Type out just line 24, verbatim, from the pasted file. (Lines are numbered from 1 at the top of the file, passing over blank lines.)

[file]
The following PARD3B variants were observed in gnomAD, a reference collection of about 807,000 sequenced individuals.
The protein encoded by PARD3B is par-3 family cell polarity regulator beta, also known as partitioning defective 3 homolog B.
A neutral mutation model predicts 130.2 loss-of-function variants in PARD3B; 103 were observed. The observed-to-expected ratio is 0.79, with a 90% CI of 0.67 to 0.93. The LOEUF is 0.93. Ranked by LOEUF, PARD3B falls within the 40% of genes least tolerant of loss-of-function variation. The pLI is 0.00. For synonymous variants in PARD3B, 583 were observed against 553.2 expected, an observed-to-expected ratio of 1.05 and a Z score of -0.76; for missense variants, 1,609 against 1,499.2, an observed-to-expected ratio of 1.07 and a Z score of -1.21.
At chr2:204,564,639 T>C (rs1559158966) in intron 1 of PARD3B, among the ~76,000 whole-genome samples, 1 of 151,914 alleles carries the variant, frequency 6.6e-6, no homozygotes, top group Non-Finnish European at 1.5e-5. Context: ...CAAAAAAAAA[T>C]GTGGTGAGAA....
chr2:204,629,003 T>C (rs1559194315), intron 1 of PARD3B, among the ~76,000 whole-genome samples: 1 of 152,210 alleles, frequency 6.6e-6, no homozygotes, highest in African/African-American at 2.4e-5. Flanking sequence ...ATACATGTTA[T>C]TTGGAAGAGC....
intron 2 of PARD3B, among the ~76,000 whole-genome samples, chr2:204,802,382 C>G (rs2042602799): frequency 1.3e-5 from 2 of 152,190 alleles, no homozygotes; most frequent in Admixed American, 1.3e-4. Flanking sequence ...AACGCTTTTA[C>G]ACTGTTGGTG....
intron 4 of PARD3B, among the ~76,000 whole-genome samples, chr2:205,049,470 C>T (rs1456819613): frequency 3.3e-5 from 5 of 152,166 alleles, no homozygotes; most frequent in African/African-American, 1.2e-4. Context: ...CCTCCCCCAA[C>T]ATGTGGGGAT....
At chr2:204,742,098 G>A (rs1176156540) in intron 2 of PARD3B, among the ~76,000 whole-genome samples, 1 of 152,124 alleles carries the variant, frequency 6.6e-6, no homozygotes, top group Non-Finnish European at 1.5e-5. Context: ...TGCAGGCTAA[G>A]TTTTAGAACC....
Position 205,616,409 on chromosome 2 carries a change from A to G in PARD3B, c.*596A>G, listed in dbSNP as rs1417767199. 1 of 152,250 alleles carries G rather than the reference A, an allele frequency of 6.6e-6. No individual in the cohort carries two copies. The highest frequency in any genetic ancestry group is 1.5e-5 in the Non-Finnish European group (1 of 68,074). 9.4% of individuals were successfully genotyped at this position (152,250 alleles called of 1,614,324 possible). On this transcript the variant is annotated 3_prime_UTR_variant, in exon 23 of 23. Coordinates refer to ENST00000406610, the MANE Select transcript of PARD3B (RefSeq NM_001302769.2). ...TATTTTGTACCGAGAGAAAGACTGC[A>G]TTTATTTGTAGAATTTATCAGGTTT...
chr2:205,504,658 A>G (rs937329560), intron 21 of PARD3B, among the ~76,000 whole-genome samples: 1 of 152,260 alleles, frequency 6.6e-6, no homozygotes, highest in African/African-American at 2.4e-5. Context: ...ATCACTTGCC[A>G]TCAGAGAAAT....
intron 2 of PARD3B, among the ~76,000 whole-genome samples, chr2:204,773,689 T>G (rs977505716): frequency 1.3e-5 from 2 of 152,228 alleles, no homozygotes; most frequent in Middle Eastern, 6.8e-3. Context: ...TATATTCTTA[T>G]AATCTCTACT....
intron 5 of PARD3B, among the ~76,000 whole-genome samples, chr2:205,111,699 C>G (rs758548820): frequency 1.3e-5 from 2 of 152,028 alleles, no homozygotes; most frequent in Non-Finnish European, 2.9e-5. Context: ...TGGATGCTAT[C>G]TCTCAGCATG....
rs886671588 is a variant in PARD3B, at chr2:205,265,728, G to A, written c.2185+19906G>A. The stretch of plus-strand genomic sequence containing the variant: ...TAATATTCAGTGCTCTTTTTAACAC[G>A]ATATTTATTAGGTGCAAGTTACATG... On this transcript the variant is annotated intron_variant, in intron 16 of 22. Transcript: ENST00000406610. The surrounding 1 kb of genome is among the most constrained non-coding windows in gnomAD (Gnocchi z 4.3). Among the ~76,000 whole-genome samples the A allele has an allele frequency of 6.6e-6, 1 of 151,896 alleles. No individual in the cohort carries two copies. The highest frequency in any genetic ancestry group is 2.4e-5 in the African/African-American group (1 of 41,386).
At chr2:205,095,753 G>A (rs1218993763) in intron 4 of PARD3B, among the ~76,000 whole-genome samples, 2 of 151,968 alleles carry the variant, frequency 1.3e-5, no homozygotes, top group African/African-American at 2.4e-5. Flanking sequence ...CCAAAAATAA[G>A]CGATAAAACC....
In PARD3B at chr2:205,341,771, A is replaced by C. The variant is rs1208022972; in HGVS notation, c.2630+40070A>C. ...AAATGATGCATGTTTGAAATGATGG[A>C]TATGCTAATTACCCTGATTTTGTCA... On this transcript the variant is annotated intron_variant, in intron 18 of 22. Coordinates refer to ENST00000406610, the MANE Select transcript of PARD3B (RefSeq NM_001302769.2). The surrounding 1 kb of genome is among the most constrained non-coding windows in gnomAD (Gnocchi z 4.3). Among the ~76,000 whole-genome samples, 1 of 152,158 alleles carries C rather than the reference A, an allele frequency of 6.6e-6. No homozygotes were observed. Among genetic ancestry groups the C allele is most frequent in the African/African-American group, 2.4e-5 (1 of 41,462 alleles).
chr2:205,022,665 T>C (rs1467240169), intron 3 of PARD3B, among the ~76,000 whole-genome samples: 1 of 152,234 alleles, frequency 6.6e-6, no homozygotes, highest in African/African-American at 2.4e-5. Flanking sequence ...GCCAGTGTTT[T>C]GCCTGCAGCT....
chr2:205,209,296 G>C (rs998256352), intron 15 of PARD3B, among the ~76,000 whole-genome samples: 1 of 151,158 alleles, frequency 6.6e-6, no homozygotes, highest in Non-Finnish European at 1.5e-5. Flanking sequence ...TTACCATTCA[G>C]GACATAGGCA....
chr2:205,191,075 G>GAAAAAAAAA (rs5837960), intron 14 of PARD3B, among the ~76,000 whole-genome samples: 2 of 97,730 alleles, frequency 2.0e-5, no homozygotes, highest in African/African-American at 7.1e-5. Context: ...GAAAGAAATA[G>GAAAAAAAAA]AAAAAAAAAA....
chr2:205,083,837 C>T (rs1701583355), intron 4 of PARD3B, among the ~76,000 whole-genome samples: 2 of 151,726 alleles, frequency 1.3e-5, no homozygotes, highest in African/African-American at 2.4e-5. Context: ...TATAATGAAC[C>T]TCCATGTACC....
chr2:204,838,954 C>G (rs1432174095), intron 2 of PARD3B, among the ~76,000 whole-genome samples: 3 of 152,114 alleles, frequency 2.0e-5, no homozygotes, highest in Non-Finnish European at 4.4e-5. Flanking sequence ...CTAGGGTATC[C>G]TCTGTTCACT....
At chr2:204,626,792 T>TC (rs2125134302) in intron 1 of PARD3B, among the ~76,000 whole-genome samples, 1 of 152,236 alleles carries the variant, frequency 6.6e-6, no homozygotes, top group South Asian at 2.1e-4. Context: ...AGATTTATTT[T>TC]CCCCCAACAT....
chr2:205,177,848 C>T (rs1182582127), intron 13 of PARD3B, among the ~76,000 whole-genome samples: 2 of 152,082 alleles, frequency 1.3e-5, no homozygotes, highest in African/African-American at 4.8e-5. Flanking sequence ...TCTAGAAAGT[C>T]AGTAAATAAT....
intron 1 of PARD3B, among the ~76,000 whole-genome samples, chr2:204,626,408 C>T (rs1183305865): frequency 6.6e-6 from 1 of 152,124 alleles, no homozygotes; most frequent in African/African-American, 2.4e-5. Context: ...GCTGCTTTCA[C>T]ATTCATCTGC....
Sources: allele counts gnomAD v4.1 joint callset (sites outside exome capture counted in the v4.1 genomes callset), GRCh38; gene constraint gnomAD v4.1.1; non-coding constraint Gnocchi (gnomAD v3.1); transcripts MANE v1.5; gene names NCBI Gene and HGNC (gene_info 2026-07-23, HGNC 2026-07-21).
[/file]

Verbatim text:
Sources: allele counts gnomAD v4.1 joint callset (sites outside exome capture counted in the v4.1 genomes callset), GRCh38; gene constraint gnomAD v4.1.1; non-coding constraint Gnocchi (gnomAD v3.1); transcripts MANE v1.5; gene names NCBI Gene and HGNC (gene_info 2026-07-23, HGNC 2026-07-21).